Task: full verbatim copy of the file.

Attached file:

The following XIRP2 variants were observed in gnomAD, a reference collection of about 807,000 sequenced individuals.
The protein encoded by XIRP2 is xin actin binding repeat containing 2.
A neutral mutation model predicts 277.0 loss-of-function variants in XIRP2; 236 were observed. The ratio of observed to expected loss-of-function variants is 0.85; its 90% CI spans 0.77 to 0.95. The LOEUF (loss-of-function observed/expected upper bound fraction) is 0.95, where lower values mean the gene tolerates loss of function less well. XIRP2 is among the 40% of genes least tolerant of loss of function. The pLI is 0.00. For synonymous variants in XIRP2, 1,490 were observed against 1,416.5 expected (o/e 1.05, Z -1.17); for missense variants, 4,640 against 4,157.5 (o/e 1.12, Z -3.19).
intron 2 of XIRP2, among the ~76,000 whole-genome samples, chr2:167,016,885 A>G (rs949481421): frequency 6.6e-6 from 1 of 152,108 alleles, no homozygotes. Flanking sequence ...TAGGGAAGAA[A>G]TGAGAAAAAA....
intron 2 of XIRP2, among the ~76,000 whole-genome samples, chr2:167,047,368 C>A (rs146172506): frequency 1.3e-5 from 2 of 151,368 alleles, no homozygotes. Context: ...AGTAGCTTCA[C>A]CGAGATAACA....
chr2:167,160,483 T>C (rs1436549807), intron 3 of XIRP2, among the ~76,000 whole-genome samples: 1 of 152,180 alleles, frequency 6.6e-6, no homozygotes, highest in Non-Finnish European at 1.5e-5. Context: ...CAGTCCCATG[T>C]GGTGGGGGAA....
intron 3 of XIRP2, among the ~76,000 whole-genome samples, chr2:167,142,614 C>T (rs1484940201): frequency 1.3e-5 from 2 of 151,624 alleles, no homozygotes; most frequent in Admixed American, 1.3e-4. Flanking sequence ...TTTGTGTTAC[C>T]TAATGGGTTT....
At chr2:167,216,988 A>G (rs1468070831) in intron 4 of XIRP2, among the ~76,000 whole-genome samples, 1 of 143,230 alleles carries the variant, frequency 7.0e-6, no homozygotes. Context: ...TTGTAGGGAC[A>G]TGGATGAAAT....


The following XIRP2 variants were observed in gnomAD, a reference collection of about 807,000 sequenced individuals.
The protein encoded by XIRP2 is xin actin binding repeat containing 2.
A neutral mutation model predicts 277.0 loss-of-function variants in XIRP2; 236 were observed. The ratio of observed to expected loss-of-function variants is 0.85; its 90% CI spans 0.77 to 0.95. The LOEUF (loss-of-function observed/expected upper bound fraction) is 0.95, where lower values mean the gene tolerates loss of function less well. XIRP2 is among the 40% of genes least tolerant of loss of function. The pLI is 0.00. For synonymous variants in XIRP2, 1,490 were observed against 1,416.5 expected (o/e 1.05, Z -1.17); for missense variants, 4,640 against 4,157.5 (o/e 1.12, Z -3.19).
intron 2 of XIRP2, among the ~76,000 whole-genome samples, chr2:167,016,885 A>G (rs949481421): frequency 6.6e-6 from 1 of 152,108 alleles, no homozygotes. Flanking sequence ...TAGGGAAGAA[A>G]TGAGAAAAAA....
intron 2 of XIRP2, among the ~76,000 whole-genome samples, chr2:167,047,368 C>A (rs146172506): frequency 1.3e-5 from 2 of 151,368 alleles, no homozygotes. Context: ...AGTAGCTTCA[C>A]CGAGATAACA....
chr2:167,160,483 T>C (rs1436549807), intron 3 of XIRP2, among the ~76,000 whole-genome samples: 1 of 152,180 alleles, frequency 6.6e-6, no homozygotes, highest in Non-Finnish European at 1.5e-5. Context: ...CAGTCCCATG[T>C]GGTGGGGGAA....
intron 3 of XIRP2, among the ~76,000 whole-genome samples, chr2:167,142,614 C>T (rs1484940201): frequency 1.3e-5 from 2 of 151,624 alleles, no homozygotes; most frequent in Admixed American, 1.3e-4. Flanking sequence ...TTTGTGTTAC[C>T]TAATGGGTTT....
At chr2:167,216,988 A>G (rs1468070831) in intron 4 of XIRP2, among the ~76,000 whole-genome samples, 1 of 143,230 alleles carries the variant, frequency 7.0e-6, no homozygotes. Context: ...TTGTAGGGAC[A>G]TGGATGAAAT....